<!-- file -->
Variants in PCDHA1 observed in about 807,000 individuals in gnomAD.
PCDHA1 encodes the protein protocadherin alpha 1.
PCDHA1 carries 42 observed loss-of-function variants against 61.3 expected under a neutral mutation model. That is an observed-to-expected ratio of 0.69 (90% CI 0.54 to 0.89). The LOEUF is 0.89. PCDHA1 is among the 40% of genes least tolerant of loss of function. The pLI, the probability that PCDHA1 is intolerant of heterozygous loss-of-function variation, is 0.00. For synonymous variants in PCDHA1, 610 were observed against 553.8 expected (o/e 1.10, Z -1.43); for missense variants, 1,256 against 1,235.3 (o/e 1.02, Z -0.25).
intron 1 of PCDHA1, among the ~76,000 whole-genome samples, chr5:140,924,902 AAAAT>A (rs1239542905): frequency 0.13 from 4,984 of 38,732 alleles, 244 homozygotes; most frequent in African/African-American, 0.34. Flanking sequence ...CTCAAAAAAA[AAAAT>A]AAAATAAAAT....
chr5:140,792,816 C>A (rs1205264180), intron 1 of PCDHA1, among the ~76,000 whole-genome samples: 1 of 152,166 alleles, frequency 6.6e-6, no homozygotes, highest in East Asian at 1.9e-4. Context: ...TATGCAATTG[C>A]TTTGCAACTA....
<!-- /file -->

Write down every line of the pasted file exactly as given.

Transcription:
Variants in PCDHA1 observed in about 807,000 individuals in gnomAD.
PCDHA1 encodes the protein protocadherin alpha 1.
PCDHA1 carries 42 observed loss-of-function variants against 61.3 expected under a neutral mutation model. That is an observed-to-expected ratio of 0.69 (90% CI 0.54 to 0.89). The LOEUF is 0.89. PCDHA1 is among the 40% of genes least tolerant of loss of function. The pLI, the probability that PCDHA1 is intolerant of heterozygous loss-of-function variation, is 0.00. For synonymous variants in PCDHA1, 610 were observed against 553.8 expected (o/e 1.10, Z -1.43); for missense variants, 1,256 against 1,235.3 (o/e 1.02, Z -0.25).
intron 1 of PCDHA1, among the ~76,000 whole-genome samples, chr5:140,924,902 AAAAT>A (rs1239542905): frequency 0.13 from 4,984 of 38,732 alleles, 244 homozygotes; most frequent in African/African-American, 0.34. Flanking sequence ...CTCAAAAAAA[AAAAT>A]AAAATAAAAT....
chr5:140,792,816 C>A (rs1205264180), intron 1 of PCDHA1, among the ~76,000 whole-genome samples: 1 of 152,166 alleles, frequency 6.6e-6, no homozygotes, highest in East Asian at 1.9e-4. Context: ...TATGCAATTG[C>A]TTTGCAACTA....